Sprint CEO on net neutrality: There’s nothing wrong with charging for faster service

Sprint's Marcelo Claure was one of several keynote speakers who addressed net neutrality. (Mike Dano/FierceWireless)

BARCELONA, Spain—Sprint’s CEO said that he doesn’t see anything wrong with charging customers more money in order for them to obtain faster service.

“I don’t think there’s anything wrong for you to eventually charge a higher price for a faster access to your network,” Sprint CEO Marcelo Claure said during a keynote discussion here at the Mobile World Congress trade show. “You have this anyway. In the United States in many roads you drive, you have a faster road and you pay more. There’s nothing wrong with that. We’re still determining what is going to be the price for 5G and how we’re going to charge you, but the economics say, consumers are willing to pay more for a better service and are willing to pay less for a different type of service.”

Claure was responding to a question from moderator Kristie Lu Stout of CNN, who asked whether the operator would adhere to open internet and net neutrality principles.

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“We’re big believers in the open internet,” Claure said. “I believe there needs to be some light regulation, and it needs to be very light, in order for us to manage our networks.”

Added Claure: “We need to manage our networks … That’s the most important thing to us.”

Claure’s statements contrasted sharply with those from Andrus Ansip, vice president of the European Commission, who argued for a forceful application of net neutrality guidelines across Europe and beyond.

“Internet providers must treat all internet traffic equally,” he said, noting specifically that operators should be prohibited from blocking or throttling specific types of content on the internet. “I believe everyone has the right to access an open internet, where all traffic should be treated equally … I will continue to protect an open internet and net neutrality.”

Said Ansip: “I do not want a digital freeway for a select few while others use a dirt track.”

Ansip’s position was particularly noteworthy because he sat immediately next to FCC Chairman Ajit Pai during the keynote event. Pai, of course, led the U.S. regulator’s repeal of Obama-era net neutrality guidelines.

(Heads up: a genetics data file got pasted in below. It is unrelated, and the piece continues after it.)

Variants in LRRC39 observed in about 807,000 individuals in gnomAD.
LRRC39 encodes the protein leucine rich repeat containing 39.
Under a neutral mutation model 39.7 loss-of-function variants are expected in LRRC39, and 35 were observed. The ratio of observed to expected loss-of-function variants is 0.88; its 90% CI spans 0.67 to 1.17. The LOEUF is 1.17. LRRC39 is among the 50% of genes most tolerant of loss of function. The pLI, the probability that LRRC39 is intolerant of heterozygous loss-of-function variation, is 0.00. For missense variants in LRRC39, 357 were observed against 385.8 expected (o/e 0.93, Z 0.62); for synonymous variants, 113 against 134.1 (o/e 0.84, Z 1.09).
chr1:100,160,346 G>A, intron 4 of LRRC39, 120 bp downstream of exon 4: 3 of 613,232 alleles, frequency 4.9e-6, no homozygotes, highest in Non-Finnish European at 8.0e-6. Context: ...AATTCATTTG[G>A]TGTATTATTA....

Pai argued that the FCC made the right move in rescinding net neutrality guidelines because he said those rules would inhibit innovation. He said the U.S. FTC should instead protect consumers against unfair actions by telecom carriers on a case-by-case basis.

“I want to stress that this is light-touch regulation—not a completely hands-off approach. Nobody gets a free pass,” Pai said. “The United States is simply making a shift from pre-emptive regulation, which foolishly presumes that every last wireless company is an anti-competitive monopolist, to targeted enforcement based on actual market failure or anti-competitive conduct."

"Most importantly, we have restored the jurisdiction of the Federal Trade Commission over internet service providers. And the FTC will now be able to consistently protect competition and consumers across the internet economy—with respect to ISPs and edge providers alike," he added. "The bottom line is simple: We had a free and open internet for two decades before 2015, and we will have a free and open internet going forward.”

“The market, not government, is best positioned to drive innovation,” Pai argued.

Of course, Claure’s position on charging more for faster speeds is no real surprise. Indeed, a wide range of wired internet providers in the United States already offer tiers of service that provide faster network speeds for more money.

The same is true of wireless: AT&T, for example, offers an unthrottled, unlimited wireless service for $90 per month and one that is capped at 3 Mbps for $65 per month.

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